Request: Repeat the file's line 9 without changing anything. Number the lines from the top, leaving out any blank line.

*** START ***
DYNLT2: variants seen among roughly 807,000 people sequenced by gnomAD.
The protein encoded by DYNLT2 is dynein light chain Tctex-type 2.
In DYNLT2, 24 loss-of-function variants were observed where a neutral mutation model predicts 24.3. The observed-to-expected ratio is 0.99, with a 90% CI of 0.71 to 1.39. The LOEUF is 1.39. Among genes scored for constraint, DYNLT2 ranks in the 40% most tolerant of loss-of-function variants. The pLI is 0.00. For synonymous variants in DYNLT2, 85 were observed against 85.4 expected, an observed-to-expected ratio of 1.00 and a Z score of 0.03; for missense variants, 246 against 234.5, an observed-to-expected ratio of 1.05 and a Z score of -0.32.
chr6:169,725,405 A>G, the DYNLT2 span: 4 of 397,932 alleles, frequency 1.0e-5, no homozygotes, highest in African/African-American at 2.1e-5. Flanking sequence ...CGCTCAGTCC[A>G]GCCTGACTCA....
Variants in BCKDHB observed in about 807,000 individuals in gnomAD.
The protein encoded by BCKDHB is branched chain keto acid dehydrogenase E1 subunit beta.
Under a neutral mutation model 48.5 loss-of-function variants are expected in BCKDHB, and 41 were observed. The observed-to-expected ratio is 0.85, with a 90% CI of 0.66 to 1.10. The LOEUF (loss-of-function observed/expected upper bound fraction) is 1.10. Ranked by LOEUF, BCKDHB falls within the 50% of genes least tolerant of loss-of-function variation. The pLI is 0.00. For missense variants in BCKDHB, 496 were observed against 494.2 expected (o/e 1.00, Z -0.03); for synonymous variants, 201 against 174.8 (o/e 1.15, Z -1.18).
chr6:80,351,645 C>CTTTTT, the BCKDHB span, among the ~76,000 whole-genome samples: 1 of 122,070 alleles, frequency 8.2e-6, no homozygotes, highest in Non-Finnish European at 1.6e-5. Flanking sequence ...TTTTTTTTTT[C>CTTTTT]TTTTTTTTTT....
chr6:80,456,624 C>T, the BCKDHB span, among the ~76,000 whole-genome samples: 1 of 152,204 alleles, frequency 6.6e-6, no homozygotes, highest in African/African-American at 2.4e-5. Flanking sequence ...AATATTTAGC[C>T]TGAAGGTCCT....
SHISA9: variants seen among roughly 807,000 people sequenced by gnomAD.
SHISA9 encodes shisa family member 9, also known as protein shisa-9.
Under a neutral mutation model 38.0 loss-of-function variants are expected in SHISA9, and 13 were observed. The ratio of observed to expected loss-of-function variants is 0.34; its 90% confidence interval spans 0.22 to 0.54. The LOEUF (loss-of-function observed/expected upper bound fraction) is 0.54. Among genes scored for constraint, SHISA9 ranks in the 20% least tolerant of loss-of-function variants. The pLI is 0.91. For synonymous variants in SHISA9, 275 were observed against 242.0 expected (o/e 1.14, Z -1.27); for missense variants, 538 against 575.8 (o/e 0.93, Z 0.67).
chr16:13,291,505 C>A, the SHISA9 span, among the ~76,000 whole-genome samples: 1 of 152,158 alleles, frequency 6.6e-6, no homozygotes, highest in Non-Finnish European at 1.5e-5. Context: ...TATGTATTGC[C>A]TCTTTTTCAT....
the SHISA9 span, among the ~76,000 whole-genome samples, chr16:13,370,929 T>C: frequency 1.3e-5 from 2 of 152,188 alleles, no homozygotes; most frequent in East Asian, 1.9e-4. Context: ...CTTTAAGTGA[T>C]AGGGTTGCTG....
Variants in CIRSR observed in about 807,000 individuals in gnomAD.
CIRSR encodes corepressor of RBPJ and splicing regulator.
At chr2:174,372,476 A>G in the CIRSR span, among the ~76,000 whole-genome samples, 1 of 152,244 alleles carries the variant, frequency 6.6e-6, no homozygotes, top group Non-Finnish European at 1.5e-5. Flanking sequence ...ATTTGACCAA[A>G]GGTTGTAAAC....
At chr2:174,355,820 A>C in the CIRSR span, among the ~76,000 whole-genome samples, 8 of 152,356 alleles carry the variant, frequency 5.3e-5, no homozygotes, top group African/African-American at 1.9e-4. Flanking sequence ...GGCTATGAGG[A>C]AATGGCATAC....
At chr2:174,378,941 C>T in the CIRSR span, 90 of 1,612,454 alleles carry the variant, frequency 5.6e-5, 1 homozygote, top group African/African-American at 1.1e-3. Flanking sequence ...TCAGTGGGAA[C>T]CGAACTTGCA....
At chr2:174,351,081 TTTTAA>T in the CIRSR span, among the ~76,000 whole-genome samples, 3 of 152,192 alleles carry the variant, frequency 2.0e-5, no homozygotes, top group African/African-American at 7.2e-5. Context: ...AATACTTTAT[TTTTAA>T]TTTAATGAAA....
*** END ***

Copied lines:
chr6:80,456,624 C>T, the BCKDHB span, among the ~76,000 whole-genome samples: 1 of 152,204 alleles, frequency 6.6e-6, no homozygotes, highest in African/African-American at 2.4e-5. Flanking sequence ...AATATTTAGC[C>T]TGAAGGTCCT....